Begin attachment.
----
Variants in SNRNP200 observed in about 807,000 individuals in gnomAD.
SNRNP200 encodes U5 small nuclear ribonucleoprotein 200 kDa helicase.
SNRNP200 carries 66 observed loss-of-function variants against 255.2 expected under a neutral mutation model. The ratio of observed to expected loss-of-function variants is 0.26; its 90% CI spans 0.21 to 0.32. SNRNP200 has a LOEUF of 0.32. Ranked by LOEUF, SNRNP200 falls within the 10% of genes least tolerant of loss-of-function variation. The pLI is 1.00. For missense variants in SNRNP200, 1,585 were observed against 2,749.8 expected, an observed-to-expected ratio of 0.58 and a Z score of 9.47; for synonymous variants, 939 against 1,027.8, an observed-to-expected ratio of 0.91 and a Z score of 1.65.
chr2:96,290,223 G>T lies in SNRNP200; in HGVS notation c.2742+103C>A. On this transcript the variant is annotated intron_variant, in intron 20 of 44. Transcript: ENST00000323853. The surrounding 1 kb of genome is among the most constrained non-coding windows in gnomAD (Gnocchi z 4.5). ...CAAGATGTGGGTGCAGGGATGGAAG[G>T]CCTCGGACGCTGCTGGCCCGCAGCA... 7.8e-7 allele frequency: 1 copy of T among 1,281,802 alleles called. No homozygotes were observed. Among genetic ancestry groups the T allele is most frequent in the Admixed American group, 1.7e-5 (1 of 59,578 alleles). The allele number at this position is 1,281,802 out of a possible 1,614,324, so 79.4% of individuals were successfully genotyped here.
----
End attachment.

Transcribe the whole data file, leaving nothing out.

Variants in SNRNP200 observed in about 807,000 individuals in gnomAD.
SNRNP200 encodes U5 small nuclear ribonucleoprotein 200 kDa helicase.
SNRNP200 carries 66 observed loss-of-function variants against 255.2 expected under a neutral mutation model. The ratio of observed to expected loss-of-function variants is 0.26; its 90% CI spans 0.21 to 0.32. SNRNP200 has a LOEUF of 0.32. Ranked by LOEUF, SNRNP200 falls within the 10% of genes least tolerant of loss-of-function variation. The pLI is 1.00. For missense variants in SNRNP200, 1,585 were observed against 2,749.8 expected, an observed-to-expected ratio of 0.58 and a Z score of 9.47; for synonymous variants, 939 against 1,027.8, an observed-to-expected ratio of 0.91 and a Z score of 1.65.
chr2:96,290,223 G>T lies in SNRNP200; in HGVS notation c.2742+103C>A. On this transcript the variant is annotated intron_variant, in intron 20 of 44. Transcript: ENST00000323853. The surrounding 1 kb of genome is among the most constrained non-coding windows in gnomAD (Gnocchi z 4.5). ...CAAGATGTGGGTGCAGGGATGGAAG[G>T]CCTCGGACGCTGCTGGCCCGCAGCA... 7.8e-7 allele frequency: 1 copy of T among 1,281,802 alleles called. No homozygotes were observed. Among genetic ancestry groups the T allele is most frequent in the Admixed American group, 1.7e-5 (1 of 59,578 alleles). The allele number at this position is 1,281,802 out of a possible 1,614,324, so 79.4% of individuals were successfully genotyped here.